We’re in a new rhythm around here, one which begins with a 5:50am alarm (maybe also 5:55am and 6:00am ones as well — since snoozing and I are old friends). It’s probably better to say we haven’t quite yet found our new rhythm, but we hear the beat and know we need to fall in line quickly.
It’s hard to figure this out, though, when our bathing suits and ears still have sand in them. We’ve had a summer of travel and swimming and friends and family. My priorities for the last 10 weeks included making sure the children were loosely supervised, fed, and coated in a layer of sunscreen. My work was flexibly completed during hours of my choice.
This new school thing feels both constraining and liberating. On one hand, I’m bound: home at certain hours to get kids there and receive them again.
I’m also free. To (carefully and protectively) place choices onto a plate filled with more time to myself than I’ve had in over a decade.
Preschool hasn’t started yet, but the big kids’ first day was last week. We now have a middle schooler and a kindergartener.
All of it still feels fresh.
On that first day, I am drinking coffee before six, packing lunches, and watching the clock. It will be her first time taking the bus to school, I don’t want her to be late. (Also: Where will she sit? Will she know anyone? What if all the kids are on their phones and she’s the only one without one?) Nadia eats a bowl of cinnamon toast crunch cereal and doesn’t seem all that bothered.
Ready early — because we’re always on-time on the first day (it’s that third and fourth day that really get us) — we sit together at the table, me asking questions about her schedule and Do you have your clarinet? her saying Yeeeeeessss and waiting for the best time to leave the house — not too early, but not too late. She likes to be on time. (This pleases her father immensely.)
She doesn’t want me to go with her or stand there and I’m okay with this. The bus will stop 50 feet away from our house. I can sit at our kitchen table and still see her. On the first day though, I sit on the front porch in navy pajamas, coffee mug on the table, waiting. I take a few pictures.
She walks away. Excited and nervous. Then starts to chat with two older neighbor girls. This feels good to me.
The bus roars up the street, the one I’ve shaken my head at in disbelief for the last seven years — Why does it need to be so loud? How can middle school kids be expected to wake up and be ready for life this early? It stops, opens its doors. A mouth? Arms?
Will middle school eat her or welcome her?
Without so much as a glance in our direction, she steps up and in. Out of sight. The doors/mouth/arms close.
Then, before the bus even turns the corner, I feel it. A pang. A lightning across my chest and neck. It’s a shock, but familiar. When the bus is out of my line of sight, behind the neighbor’s house, the tears, ones I didn’t know were rushing to the edge, waiting to see what was going on, fall all at once — as if they’d linked arms and counted to three before jumping.
Chris and our son Phin also stand on the porch. As the bus rolls away, Chris asks Phin a question and, assuming I am a mother without deep wells of emotion, doesn’t even look my way. Until, that is, I’m not answering a question he asks me. Only then does he see me crying.
“I need a moment,” I whisper, as we walk into the house. I go to our bedroom and fall onto our bed.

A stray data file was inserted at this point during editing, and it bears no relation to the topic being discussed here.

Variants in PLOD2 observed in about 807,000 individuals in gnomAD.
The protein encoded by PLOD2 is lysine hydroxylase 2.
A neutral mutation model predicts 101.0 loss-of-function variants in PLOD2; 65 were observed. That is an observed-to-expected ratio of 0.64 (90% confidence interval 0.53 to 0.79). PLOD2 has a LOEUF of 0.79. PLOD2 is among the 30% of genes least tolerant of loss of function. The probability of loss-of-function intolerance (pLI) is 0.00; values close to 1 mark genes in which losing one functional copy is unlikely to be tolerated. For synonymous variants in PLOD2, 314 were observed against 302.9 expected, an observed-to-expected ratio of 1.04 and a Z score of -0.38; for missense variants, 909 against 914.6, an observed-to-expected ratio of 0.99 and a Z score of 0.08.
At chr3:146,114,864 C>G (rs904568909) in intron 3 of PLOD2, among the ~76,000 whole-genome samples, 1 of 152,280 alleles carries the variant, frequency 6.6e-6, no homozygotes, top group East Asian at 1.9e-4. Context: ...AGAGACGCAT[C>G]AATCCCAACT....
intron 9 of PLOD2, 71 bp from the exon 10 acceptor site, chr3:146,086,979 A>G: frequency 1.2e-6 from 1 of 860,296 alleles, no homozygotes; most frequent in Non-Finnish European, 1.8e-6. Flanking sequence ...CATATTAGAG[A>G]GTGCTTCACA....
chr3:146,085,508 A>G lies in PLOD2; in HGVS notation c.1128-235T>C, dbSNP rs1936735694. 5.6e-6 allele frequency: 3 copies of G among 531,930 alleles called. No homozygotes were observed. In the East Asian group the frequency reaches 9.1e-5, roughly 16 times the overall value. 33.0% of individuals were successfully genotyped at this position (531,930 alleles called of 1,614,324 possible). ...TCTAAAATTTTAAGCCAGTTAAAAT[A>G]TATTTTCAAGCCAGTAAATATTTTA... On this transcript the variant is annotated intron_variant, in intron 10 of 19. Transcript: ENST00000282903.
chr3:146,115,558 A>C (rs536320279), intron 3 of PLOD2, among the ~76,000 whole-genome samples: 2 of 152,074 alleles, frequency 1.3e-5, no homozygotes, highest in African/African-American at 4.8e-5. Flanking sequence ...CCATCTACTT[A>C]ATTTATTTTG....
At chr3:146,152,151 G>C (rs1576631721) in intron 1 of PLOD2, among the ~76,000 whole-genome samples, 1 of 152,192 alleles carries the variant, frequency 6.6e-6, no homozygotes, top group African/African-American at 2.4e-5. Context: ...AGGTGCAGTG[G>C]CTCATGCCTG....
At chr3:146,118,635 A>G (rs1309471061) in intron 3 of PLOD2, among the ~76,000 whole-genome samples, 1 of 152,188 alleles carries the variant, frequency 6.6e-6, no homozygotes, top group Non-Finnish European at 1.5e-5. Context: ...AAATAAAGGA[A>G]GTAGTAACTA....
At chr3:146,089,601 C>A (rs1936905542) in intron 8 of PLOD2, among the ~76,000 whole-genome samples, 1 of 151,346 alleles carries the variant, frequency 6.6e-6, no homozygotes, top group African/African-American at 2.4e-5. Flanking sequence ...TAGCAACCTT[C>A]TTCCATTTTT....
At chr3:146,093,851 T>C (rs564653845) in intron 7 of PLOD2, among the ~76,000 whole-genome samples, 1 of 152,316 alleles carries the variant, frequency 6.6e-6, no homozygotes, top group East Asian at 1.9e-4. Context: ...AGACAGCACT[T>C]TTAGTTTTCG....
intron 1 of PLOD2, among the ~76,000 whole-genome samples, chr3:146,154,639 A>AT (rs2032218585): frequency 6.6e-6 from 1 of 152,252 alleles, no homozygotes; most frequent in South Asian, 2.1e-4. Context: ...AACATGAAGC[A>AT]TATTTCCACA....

Ten minutes later, I’m sitting in our peacock blue chairs by the back window with a book in my lap. Chris comes over to give me a kiss before leaving for work. “Hope you have a good day. Let me know if it gets too rough.” I don’t know why he says that. It’s not like he’ll come home early to comfort me. Maybe he just wants to know, or in case I won’t be making dinner tonight.
I smile up at him. Does he think this tenderness is endearing or to-be-tolerated?
“It’s just sad,” I say, tearing up again before the last word gets out. I didn’t expect to feel this way today, at least not about this child. I thought I’d cry over the little one. Maybe that’s part of this too.
As moms, we are so excited for our kids to step into their new chapters. But there are moments, stages, ages, which feel so comfortable and sweet. And new chapters also bring with it the inevitable fact: time is passing. There is something about my first child going to middle school that got me.
Chris walks a few feet towards the door, his mind already at work, before turning back around. “Is sad the right word?” he asks.
“Yes.” One hundred percent.
He and I have a conversation via facial expressions and subtle head tilts:
Him: Really, Sonya?
Me: Well… maybe sad isn’t all of it.
Him: This is good! Exciting, even! Middle school!
Me: I know, but still …
Outloud, I say, “It is sad.” And then, as if this is a new observation for either of us, “She’s growing up.” The tears cut me off on the last word and “up” comes out in a squeak. I’m crying again.
In what feels like grace, he smiles at me.
“Maybe it’s not sad,” I say. “But I am sad.” And that is the best version of the truth.
Children grow up. We know this. We want them to be independent. From us. From anyone. We have a long game perspective.
But my heart, just like any other muscle in my body, responds after a change in routine. It strains with something new and different. The little tears, the ones creating distance between her and I (even though I know this is good and I’ll get used to it) hurts. I’m sore before the first day is even over.
This is the part of motherhood that continually guts me. When I think I’m prepared, ready, excited for even, there’s a fresh ache.
I’ll get used to it. But right now doesn’t change.
Today I am sad.